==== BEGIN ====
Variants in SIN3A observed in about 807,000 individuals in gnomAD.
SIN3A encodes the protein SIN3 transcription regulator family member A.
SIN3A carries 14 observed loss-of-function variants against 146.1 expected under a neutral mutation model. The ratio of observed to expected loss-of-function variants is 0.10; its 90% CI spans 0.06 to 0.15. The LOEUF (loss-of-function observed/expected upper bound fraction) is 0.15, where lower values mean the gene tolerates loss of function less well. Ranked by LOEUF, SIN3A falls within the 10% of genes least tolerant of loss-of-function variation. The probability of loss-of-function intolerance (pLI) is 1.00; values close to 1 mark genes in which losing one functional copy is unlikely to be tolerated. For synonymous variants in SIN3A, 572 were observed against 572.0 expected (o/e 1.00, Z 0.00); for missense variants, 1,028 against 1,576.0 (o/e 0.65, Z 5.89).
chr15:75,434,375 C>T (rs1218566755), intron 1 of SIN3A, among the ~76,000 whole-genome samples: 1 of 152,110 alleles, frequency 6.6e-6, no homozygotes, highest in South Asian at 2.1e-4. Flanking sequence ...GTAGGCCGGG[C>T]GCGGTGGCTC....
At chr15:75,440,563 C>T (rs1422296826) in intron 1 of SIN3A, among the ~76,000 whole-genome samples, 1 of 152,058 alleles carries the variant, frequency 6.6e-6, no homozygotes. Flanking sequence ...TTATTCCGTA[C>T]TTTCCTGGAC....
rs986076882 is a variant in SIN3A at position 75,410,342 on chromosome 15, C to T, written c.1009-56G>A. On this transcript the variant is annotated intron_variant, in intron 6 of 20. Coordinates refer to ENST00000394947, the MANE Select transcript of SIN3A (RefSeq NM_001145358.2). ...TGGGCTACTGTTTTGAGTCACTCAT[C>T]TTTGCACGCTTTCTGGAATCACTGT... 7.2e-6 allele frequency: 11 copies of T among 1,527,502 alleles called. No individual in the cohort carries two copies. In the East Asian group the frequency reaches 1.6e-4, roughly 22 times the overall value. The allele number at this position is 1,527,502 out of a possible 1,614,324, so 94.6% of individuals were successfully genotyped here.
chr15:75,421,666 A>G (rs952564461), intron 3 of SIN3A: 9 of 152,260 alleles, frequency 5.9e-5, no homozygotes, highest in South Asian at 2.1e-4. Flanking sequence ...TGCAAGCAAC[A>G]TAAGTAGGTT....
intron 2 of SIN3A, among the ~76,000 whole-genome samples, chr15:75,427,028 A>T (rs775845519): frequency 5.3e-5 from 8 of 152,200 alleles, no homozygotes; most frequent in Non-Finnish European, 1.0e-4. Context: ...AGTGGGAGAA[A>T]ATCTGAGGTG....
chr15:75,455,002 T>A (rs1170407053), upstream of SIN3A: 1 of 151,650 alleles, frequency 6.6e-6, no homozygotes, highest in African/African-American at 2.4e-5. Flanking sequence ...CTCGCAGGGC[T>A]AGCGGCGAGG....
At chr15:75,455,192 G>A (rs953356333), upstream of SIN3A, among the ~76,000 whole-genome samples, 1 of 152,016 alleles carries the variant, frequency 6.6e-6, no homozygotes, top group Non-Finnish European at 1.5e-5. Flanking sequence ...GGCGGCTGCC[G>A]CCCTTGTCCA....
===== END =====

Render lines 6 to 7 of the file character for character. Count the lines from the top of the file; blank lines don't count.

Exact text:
rs986076882 is a variant in SIN3A at position 75,410,342 on chromosome 15, C to T, written c.1009-56G>A. On this transcript the variant is annotated intron_variant, in intron 6 of 20. Coordinates refer to ENST00000394947, the MANE Select transcript of SIN3A (RefSeq NM_001145358.2). ...TGGGCTACTGTTTTGAGTCACTCAT[C>T]TTTGCACGCTTTCTGGAATCACTGT... 7.2e-6 allele frequency: 11 copies of T among 1,527,502 alleles called. No individual in the cohort carries two copies. In the East Asian group the frequency reaches 1.6e-4, roughly 22 times the overall value. The allele number at this position is 1,527,502 out of a possible 1,614,324, so 94.6% of individuals were successfully genotyped here.
chr15:75,421,666 A>G (rs952564461), intron 3 of SIN3A: 9 of 152,260 alleles, frequency 5.9e-5, no homozygotes, highest in South Asian at 2.1e-4. Flanking sequence ...TGCAAGCAAC[A>G]TAAGTAGGTT....